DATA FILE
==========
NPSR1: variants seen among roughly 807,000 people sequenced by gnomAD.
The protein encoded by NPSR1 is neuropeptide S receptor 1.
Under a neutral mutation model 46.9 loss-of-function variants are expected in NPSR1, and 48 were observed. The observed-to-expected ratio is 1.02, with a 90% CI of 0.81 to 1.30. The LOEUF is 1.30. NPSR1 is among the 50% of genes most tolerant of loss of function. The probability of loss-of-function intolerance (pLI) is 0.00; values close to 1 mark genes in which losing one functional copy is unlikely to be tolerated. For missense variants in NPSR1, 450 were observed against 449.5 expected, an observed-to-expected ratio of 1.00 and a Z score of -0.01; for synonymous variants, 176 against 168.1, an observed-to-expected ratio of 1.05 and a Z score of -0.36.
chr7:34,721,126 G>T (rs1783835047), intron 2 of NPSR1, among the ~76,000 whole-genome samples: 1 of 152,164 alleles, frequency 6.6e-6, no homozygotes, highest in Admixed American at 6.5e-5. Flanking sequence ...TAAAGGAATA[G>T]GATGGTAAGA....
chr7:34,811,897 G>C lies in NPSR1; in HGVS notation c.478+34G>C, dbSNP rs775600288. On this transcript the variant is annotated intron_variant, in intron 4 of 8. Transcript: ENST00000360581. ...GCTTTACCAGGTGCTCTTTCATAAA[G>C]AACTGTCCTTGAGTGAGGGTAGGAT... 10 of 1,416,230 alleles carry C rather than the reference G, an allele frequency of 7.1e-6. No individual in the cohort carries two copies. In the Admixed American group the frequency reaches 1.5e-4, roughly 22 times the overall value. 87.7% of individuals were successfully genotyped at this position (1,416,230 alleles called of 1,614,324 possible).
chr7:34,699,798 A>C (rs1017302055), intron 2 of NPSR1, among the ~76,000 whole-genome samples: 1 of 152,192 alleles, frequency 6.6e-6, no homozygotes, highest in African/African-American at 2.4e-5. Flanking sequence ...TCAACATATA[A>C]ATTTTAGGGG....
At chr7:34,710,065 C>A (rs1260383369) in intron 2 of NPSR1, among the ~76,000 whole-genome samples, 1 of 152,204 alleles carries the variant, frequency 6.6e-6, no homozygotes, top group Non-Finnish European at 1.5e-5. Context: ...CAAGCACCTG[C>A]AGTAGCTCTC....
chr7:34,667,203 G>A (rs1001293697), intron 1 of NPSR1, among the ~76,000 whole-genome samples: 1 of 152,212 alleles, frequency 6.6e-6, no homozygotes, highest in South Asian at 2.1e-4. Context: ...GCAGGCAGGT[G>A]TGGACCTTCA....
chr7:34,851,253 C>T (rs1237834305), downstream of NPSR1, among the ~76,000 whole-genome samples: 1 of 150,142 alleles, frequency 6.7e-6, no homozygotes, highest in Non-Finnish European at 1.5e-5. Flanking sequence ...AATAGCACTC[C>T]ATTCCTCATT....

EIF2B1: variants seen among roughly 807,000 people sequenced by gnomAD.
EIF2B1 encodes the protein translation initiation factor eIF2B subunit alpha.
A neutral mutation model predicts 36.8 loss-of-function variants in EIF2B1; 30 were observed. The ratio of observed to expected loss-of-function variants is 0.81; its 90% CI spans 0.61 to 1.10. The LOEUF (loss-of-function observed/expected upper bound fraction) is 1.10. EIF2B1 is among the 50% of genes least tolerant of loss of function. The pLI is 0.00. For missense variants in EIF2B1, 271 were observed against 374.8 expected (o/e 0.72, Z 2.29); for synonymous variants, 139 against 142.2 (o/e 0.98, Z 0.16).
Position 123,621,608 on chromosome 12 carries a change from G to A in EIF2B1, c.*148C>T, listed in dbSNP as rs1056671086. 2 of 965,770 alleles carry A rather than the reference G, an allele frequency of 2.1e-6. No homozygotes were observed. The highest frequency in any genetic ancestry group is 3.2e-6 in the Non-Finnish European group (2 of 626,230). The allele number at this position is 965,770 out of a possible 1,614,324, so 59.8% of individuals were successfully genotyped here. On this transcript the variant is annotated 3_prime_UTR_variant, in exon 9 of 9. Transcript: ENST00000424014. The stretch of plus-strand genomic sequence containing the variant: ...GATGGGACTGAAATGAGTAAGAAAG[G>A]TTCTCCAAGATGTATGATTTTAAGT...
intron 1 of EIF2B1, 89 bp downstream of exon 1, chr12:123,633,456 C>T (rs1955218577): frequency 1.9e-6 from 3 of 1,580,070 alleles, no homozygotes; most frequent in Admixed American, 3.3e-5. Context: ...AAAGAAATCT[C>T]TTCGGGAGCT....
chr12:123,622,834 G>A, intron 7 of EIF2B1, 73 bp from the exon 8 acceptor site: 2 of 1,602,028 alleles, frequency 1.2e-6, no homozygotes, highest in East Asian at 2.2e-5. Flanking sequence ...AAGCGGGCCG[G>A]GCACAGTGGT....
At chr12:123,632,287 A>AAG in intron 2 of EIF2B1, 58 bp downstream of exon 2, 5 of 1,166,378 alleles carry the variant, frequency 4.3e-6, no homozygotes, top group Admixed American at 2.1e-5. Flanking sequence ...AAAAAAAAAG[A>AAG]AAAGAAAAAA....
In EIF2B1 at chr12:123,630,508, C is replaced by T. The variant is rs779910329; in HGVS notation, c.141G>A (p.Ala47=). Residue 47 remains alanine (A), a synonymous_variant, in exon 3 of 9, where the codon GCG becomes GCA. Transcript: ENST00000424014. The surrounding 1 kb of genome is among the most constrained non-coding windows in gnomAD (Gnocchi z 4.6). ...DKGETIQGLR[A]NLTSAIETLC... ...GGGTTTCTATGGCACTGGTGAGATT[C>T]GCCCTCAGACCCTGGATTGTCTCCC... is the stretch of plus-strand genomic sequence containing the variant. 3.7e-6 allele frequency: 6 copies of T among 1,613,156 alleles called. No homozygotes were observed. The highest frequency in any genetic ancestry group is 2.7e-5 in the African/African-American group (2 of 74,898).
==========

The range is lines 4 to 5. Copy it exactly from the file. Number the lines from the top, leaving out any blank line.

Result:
chr7:34,721,126 G>T (rs1783835047), intron 2 of NPSR1, among the ~76,000 whole-genome samples: 1 of 152,164 alleles, frequency 6.6e-6, no homozygotes, highest in Admixed American at 6.5e-5. Flanking sequence ...TAAAGGAATA[G>T]GATGGTAAGA....
chr7:34,811,897 G>C lies in NPSR1; in HGVS notation c.478+34G>C, dbSNP rs775600288. On this transcript the variant is annotated intron_variant, in intron 4 of 8. Transcript: ENST00000360581. ...GCTTTACCAGGTGCTCTTTCATAAA[G>C]AACTGTCCTTGAGTGAGGGTAGGAT... 10 of 1,416,230 alleles carry C rather than the reference G, an allele frequency of 7.1e-6. No individual in the cohort carries two copies. In the Admixed American group the frequency reaches 1.5e-4, roughly 22 times the overall value. 87.7% of individuals were successfully genotyped at this position (1,416,230 alleles called of 1,614,324 possible).